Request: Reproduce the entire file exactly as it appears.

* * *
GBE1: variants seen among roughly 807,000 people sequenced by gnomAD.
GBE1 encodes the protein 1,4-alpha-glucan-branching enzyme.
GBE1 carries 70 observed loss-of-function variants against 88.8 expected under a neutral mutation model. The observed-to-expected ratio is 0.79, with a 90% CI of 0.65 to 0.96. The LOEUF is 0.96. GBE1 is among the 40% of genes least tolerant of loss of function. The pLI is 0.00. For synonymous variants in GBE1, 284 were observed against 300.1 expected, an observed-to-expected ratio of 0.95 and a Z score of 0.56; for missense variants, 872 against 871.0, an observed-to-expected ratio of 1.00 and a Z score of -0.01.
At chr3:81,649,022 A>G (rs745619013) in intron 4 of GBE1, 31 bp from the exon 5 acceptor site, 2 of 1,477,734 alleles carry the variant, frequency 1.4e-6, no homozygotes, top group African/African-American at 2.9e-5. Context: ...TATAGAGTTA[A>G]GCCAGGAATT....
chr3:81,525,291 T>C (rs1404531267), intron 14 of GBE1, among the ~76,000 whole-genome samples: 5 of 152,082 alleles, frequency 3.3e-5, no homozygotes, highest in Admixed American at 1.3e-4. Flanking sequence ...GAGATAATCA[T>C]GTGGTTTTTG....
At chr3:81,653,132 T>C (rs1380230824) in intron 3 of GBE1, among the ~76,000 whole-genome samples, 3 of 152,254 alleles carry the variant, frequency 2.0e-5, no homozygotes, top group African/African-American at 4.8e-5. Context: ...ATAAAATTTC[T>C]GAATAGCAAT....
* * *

GBE1: variants seen among roughly 807,000 people sequenced by gnomAD.
GBE1 encodes the protein 1,4-alpha-glucan-branching enzyme.
GBE1 carries 70 observed loss-of-function variants against 88.8 expected under a neutral mutation model. The observed-to-expected ratio is 0.79, with a 90% CI of 0.65 to 0.96. The LOEUF is 0.96. GBE1 is among the 40% of genes least tolerant of loss of function. The pLI is 0.00. For synonymous variants in GBE1, 284 were observed against 300.1 expected, an observed-to-expected ratio of 0.95 and a Z score of 0.56; for missense variants, 872 against 871.0, an observed-to-expected ratio of 1.00 and a Z score of -0.01.
At chr3:81,649,022 A>G (rs745619013) in intron 4 of GBE1, 31 bp from the exon 5 acceptor site, 2 of 1,477,734 alleles carry the variant, frequency 1.4e-6, no homozygotes, top group African/African-American at 2.9e-5. Context: ...TATAGAGTTA[A>G]GCCAGGAATT....
chr3:81,525,291 T>C (rs1404531267), intron 14 of GBE1, among the ~76,000 whole-genome samples: 5 of 152,082 alleles, frequency 3.3e-5, no homozygotes, highest in Admixed American at 1.3e-4. Flanking sequence ...GAGATAATCA[T>C]GTGGTTTTTG....
At chr3:81,653,132 T>C (rs1380230824) in intron 3 of GBE1, among the ~76,000 whole-genome samples, 3 of 152,254 alleles carry the variant, frequency 2.0e-5, no homozygotes, top group African/African-American at 4.8e-5. Context: ...ATAAAATTTC[T>C]GAATAGCAAT....